Anthropology • Archaeology and Latin America
Moche Fineline Painting from San José de Moro
Moche civilization flourished on the north coast of Peru from AD 200 to 800. Although the Moche had no writing system, they left a vivid artistic record of their beliefs and activities on intricately painted ceramic vessels, several thousand of which are scattered in museums and private collections throughout the world today. Unfortunately, nearly all were looted by grave robbers so their origin and context are unknown. In recent years, however, through a combination of archaeological excavation and stylistic analysis, it has been possible to identify more than 250 painted vessels from the site of San Josè de Moro. To date, this is the largest sample of Moche art from a single place and time. Thus it provides a unique opportunity to identify a distinct sub-style of Moche ceramics, and to assess its range of artistic and technological variation. Moreover, within the sample it is possible to identify multiple paintings by 18 different artists, thus elucidating the range of subject matter that an artist would paint, as well as the variation in the way he would portray the same scene. By discussing and illustrating more than 200 painted vessels from San Josè de Moro, this volume provides insights about a community of ancient Peruvian potters who shared a distinctive painting style and left a fascinating record of their achievement.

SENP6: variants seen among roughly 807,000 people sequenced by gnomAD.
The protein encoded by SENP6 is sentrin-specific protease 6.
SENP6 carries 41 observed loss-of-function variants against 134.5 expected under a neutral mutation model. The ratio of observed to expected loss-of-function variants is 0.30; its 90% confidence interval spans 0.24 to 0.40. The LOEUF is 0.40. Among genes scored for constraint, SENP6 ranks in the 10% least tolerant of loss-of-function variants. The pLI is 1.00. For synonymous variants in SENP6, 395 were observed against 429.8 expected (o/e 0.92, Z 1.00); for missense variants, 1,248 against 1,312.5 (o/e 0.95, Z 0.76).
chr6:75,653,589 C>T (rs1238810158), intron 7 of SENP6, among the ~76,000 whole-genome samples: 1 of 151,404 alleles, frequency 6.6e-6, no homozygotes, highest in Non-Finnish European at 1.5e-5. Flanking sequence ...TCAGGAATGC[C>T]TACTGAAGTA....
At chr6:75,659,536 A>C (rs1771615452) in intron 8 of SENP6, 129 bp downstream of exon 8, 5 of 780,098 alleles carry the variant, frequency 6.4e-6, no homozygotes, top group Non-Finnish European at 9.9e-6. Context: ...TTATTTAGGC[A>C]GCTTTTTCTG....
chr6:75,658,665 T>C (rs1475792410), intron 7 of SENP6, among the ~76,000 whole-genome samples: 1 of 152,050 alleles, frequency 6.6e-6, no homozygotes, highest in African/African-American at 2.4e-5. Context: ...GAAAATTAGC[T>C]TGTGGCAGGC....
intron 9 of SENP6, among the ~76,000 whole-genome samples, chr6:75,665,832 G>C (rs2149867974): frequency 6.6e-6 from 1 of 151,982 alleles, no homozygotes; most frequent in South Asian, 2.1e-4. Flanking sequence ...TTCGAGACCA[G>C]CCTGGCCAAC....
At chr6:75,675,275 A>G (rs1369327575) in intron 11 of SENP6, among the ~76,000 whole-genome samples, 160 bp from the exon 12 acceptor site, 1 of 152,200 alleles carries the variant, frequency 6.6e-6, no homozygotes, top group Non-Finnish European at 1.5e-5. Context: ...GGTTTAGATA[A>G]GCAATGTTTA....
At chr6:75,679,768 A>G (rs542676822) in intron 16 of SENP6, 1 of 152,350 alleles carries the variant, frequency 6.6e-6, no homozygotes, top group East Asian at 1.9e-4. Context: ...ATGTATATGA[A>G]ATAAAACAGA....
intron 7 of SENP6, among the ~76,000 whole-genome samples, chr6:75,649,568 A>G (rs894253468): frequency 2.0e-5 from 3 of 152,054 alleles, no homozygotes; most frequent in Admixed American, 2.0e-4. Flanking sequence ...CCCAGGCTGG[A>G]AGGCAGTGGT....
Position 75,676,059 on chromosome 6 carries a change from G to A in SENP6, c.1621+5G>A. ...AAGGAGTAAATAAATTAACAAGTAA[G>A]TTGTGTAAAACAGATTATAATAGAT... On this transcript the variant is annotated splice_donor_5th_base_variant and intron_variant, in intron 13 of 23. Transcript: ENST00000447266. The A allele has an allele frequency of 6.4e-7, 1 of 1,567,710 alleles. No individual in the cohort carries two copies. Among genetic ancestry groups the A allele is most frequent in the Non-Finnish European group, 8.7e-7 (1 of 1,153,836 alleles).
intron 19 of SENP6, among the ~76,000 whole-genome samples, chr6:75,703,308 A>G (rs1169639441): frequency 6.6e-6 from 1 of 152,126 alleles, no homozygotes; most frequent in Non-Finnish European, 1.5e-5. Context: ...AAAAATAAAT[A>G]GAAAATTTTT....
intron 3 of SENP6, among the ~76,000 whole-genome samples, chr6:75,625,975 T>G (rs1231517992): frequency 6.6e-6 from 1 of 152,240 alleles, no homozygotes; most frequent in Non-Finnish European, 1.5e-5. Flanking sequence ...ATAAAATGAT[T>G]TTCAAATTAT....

ABOUT THE CONTRIBUTORS
Donna McClelland was a research associate in the University of Calfornia, Los Angeles's Moche Archive.
Donald McClelland is a research associate in the UCLA Moche Archive.
Christopher B. Donnan is professor emeritus of anthropology at the University of California, Los Angeles.
Published By The Cotsen Institute of Archaeology Press
11 x 8.5 in. 208 pages 240 color photos, 251 figures